Ancestral Roofs

"In Praise of Older Buildings"

Tuesday, December 29, 2015

Full Circle

(First posted April 2011, reposting with additional photos - thanks Blogger)

At right is a photo of my dear Den musing about what a pleasant change this vista is from the
miles upon countless miles of newly built subdivisions of no particular pedigree that we have just winced our way past on our trip from Kleinburg to Markham.

 Oh, and let's pause for a moment to think about the good Ontario farmland that's just been paved over ("if you ate today...)

James Thomas House c.1856
What LOML is looking at is a small corner of Markham's 42-lot heritage subdivision Markham Heritage Estates. Despite being an 'artificial' construct, it has such an aura of authenticity with its houses of beautiful design, fine workmanship - and history.

 This place has soul in the midst of soul-less urban sprawl. That's due in large part to the ages of the buildings - from 1820's to 1870's. Something like that cannot be replicated, only preserved.
 Markam Heritage Estates was established in 1989 by Markham city council as an emergency measure to deal with the loss of built heritage in the conflict between development pressure and heritage conservation. The development is unique in Canada, according to some sources, and I have found few examples anywhere, in my research to date. It 'rescues' dwellings in the path of developments like the 407, where retention on site isn't feasible. Only one building on site was extant - the original farmhouse. All of the other houses, some in pitiful condition, were moved here and renovated; Markham retains control over the types of landscaping and exterior features.

Markham has a good heritage preservation record, including many examples of on-site preservation of historic buildings within encircling subdivisions (again, not ideal, but it would take some kind of superhero to stop development around here.) And Markham downtown, though struggling, is putting up some heritage wannabe designs for new commercial buildings.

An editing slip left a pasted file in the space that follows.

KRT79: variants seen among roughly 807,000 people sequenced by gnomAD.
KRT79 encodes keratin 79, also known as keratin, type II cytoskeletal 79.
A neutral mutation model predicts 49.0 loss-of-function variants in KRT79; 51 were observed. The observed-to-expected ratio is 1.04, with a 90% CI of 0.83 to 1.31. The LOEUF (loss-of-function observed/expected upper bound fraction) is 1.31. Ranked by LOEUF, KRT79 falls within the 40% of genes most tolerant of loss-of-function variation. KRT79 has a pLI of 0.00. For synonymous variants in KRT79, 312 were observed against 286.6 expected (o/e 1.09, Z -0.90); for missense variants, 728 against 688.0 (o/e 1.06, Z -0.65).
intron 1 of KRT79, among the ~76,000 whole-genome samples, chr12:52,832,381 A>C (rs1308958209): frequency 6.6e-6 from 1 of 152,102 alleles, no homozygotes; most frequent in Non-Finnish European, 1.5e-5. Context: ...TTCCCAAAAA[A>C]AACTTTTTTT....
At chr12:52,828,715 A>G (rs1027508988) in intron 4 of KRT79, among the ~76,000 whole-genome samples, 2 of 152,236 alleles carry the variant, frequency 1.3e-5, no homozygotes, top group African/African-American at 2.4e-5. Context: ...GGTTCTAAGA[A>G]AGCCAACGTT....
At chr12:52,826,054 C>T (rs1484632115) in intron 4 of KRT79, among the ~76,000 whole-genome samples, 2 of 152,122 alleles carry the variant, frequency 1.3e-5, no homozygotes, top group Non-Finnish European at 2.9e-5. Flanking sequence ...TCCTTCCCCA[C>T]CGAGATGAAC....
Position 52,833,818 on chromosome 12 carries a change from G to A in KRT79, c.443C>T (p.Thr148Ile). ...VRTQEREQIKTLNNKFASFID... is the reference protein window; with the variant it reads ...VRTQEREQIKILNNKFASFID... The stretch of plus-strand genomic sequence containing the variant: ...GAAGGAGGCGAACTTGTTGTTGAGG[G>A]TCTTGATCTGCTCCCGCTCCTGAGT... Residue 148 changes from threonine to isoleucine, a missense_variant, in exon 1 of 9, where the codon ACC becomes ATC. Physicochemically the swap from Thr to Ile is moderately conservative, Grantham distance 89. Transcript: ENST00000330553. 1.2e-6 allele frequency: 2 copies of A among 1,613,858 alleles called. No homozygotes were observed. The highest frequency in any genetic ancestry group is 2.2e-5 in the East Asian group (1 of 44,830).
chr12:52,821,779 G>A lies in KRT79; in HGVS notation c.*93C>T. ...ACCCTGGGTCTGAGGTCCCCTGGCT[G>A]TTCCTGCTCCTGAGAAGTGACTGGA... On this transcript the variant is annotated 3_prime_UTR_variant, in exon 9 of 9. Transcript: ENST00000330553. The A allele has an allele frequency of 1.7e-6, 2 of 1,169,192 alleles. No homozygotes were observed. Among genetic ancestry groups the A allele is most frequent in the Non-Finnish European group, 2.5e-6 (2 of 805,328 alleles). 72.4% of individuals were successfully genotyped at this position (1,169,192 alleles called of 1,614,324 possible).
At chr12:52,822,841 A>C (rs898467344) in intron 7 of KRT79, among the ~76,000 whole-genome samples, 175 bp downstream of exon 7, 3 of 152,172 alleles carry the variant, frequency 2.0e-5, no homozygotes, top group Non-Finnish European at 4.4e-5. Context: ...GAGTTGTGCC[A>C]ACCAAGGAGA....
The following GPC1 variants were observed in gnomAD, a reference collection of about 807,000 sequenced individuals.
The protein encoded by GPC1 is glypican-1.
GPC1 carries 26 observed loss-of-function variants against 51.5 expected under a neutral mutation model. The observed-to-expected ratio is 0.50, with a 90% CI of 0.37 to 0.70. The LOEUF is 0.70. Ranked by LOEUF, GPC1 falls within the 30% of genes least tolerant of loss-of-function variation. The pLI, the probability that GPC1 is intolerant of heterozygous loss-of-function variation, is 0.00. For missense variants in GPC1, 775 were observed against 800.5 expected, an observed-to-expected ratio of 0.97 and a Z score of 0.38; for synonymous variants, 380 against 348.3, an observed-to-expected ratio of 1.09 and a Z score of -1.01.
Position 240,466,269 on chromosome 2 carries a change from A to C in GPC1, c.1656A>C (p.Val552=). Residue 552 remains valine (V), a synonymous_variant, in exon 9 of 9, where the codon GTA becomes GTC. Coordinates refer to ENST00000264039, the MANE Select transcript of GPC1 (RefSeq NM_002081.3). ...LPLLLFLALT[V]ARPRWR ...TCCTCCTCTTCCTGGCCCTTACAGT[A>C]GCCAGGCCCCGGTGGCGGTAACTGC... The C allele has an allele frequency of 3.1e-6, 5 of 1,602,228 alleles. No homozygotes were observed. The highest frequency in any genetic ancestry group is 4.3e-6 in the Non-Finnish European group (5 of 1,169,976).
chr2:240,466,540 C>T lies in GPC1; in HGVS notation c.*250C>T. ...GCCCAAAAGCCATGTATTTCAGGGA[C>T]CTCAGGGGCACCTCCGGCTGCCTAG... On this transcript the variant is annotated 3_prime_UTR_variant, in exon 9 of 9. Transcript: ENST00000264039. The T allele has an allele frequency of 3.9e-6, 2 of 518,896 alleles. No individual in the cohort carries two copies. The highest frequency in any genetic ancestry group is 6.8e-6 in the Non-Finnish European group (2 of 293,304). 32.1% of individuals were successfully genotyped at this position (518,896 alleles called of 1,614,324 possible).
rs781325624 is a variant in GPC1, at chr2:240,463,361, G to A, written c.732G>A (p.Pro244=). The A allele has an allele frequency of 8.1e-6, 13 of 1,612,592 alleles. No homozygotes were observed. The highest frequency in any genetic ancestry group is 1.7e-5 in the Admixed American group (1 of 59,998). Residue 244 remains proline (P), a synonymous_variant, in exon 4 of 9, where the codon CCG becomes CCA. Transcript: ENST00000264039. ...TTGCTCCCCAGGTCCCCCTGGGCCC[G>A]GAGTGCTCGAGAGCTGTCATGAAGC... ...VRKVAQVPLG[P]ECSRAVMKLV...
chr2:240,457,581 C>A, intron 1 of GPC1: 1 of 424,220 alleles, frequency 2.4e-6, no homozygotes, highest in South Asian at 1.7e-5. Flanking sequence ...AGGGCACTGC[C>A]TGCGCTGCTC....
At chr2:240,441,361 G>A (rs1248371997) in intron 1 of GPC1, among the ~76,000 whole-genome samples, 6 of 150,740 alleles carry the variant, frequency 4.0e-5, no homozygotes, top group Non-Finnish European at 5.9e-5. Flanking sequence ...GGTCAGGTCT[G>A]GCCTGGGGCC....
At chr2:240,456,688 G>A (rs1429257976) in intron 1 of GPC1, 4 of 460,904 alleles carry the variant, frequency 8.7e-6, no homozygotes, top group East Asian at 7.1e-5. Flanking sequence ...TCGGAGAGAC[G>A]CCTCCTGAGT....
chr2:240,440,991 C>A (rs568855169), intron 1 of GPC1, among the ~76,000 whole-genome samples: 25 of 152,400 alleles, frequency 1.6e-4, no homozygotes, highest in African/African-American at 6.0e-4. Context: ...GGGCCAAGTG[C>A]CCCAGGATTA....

The parkette Den is standing in is in the David Gohn Circle, one of the streets in the small subdivision. Sure, it feels a bit like a house sanctuary, a touch Disney artificial. Reading a plaque about the stories of each of the houses is a very nice feature, but a tad Upper Canada Village. But the people were real - I spoke to a fresh faced adolescent skateboarder who bragged about the street hockey games, the safety for the little kids, and the awesome skating rink maintained by the guy in the white house. And the passion is real. Without Markham's early commitment to heritage rescue, prior to the stronger Heritage Act in 2005, these houses would all have been lost. There was concern at the time about the inherent danger of this model as the ideal, rather than an emergency measure, that (in the words of Adam on developers will treat it as "a smiley-face dumpster for those pesky old wrecks they can't be bothered preserving. An architectural version of Springfield Retirement Castle." So far, so good. Good on ya, Markham.

Ambrose Noble house 1830
 From the interpretive plaques in the centre of the circle, we gleaned house histories for some of these.

The fine James Thomas House (1856) at top, with its "Gothicized Palladian window" in the front gable, once sat at 9792 Highway 48 south of Major Mackenzie. You can see why it wanted it out of there. James Thomas, an inn-keeper in Box Grove and later a successful farmer in Mount Joy (both likely absorbed by the city now.)

The Georgian brick Ambrose Noble house has two entrances; one was likely the office of this tannery owner, according to the Markham Town Crier site.

The c1845 Richard Lewis house below, with its patterned brickwork, 6x6 windows and eaves returns is a typical Georgian tradition farmhouse of the area: this one was rescued from urban sprawl near Gormley.

Richard Lewis House c.1845

So, I urge you to go visit. Take in the Markham Museum, while you're there - a great outdoor collection of even more local buildings. Just don't venture out on 16th street toward Kleinburg. No miracles there.

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